Health Insurance FAQ’s

A health policy may carry a compulsory excess or you can choose to have a voluntary excess which will give a discount on the premium. A policy excess means that any claim monies due to you will only be paid once you have reached the excess level of your plan. The excess is normally annual and is applied to the first valid claim the insurer receives in the policy year. If your treatment carries over into a new policy year then the excess will apply again for that year. Be aware when choosing a policy that a few insurers apply an excess for every medical condition rather than on an annual basis.

This is time you need to wait, after the start date of your policy, before you can claim. Pregnancy always carries a waiting time varying from 10 to 24 months. It is quite common for the Spanish and Portuguese insurers that apply waiting periods. For example: Victoria Seguros have a 2 month waiting period (except accidents) and a 12 month waiting period for some medical conditions.

This is normally a physical or mental condition for which medical advice, diagnosis, care or treatment is recommended or received before the starting date of the policy. Exclusions for a pre-existing condition may be applied to the policy, depending whether the condition is on-going and the type and severity of the condition.

Medical insurance policies are designed to treat acute medical conditions, which is defined as sudden in onset and of short duration. A chronic condition is a disease, illness or injury that needs on-going or long-term treatment and monitoring through doctor consultations, examinations, check ups and/or tests, continues indefinitely and has no known cure.

Most standard policies exclude chronic conditions once the initial diagnosis has been made. They will cover all the investigations or tests leading up to diagnosis and any initial treatment to stabilise the condition, but not long-term treatment. Should you have an acute attack of a chronic condition then it is normal that the insurer will pay for further treatment until the condition is once again stabilised.

For example, asthma would be regarded as a chronic condition, however an acute asthma attack needing specialist or hospital treatment would be covered on the policy until the condition is stable once again.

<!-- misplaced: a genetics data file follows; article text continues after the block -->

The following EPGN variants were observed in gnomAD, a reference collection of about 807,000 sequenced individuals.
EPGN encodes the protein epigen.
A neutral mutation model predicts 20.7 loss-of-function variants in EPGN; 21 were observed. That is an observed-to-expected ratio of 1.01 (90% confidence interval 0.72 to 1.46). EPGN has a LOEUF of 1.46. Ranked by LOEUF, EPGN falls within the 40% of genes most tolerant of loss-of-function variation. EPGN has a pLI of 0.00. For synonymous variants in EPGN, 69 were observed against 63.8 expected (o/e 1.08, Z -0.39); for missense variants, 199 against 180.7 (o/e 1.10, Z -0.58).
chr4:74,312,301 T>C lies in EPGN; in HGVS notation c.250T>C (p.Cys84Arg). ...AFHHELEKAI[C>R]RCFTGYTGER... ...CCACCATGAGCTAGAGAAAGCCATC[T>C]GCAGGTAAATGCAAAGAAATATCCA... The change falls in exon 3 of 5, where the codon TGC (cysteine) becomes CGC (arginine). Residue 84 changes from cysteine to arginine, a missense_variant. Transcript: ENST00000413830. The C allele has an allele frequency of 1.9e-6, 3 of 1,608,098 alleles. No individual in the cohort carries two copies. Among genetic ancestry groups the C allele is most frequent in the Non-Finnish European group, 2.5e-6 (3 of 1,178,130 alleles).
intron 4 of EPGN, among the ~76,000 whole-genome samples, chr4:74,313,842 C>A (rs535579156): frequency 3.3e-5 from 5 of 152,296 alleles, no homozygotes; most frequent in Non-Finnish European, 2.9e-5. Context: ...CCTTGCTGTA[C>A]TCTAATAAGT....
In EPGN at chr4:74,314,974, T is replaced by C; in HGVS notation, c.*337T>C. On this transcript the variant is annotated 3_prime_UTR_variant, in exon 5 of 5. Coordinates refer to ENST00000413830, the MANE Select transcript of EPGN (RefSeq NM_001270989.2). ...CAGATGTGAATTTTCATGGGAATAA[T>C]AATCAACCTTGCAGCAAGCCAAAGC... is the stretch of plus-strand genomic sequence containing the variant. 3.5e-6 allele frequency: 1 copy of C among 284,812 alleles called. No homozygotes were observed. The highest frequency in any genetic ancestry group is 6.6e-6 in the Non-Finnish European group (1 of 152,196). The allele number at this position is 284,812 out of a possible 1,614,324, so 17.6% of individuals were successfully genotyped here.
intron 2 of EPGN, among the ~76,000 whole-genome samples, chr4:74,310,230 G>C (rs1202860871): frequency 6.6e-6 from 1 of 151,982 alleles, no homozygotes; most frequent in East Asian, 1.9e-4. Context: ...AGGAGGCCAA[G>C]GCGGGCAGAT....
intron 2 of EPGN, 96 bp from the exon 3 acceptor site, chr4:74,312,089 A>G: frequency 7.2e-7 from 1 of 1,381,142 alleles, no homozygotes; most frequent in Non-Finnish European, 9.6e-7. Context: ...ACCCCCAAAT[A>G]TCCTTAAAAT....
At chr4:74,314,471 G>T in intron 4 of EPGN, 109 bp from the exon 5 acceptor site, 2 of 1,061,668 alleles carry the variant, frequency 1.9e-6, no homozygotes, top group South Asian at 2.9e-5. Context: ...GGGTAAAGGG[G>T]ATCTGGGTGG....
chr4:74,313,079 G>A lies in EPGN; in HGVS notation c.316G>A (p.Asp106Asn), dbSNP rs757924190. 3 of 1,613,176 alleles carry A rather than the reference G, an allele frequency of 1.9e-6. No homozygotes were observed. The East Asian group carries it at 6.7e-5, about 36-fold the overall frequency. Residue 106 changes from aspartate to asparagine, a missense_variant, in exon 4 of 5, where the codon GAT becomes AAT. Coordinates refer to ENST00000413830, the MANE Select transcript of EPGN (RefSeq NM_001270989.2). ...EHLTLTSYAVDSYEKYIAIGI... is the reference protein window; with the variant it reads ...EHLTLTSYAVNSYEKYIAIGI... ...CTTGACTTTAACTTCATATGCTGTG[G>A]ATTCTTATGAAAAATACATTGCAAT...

Private Medical Insurance companies have 3 different types of underwriting for individuals:

  • Full Medical Underwriting
  • Moratorium
  • Continuing Personal Medical Exclusions (CPME) also known as Switch

Full Medical Underwriting

You will be asked to complete a medical questionnaire and to declare conditions that you have had previously or had, for example, in the previous 5 years. You will need to declare any medication that you are taking or any treatment that you are currently undergoing.


You will not be asked about any medical history but instead the insurer will not cover any medical conditions which existed in the last (usually) 5 years. However, after a continuous period of two years these conditions will be eligible for cover but only if you have not had symptoms, received treatment, taken medication, had tests and advice from your GP or Specialist.

CPME or Switch

If you transfer from one insurer to another, with no break in cover, you may be considered for cover on a Switch basis, whereby the new insurer takes you on with the same underwriting as on your old policy. This means if you have specific exclusions on your old policy then the new policy will also have these exclusions. Generally, you need to have had a year without hospital or specialist treatment and not to have had cancer or heart condition to be eligible.

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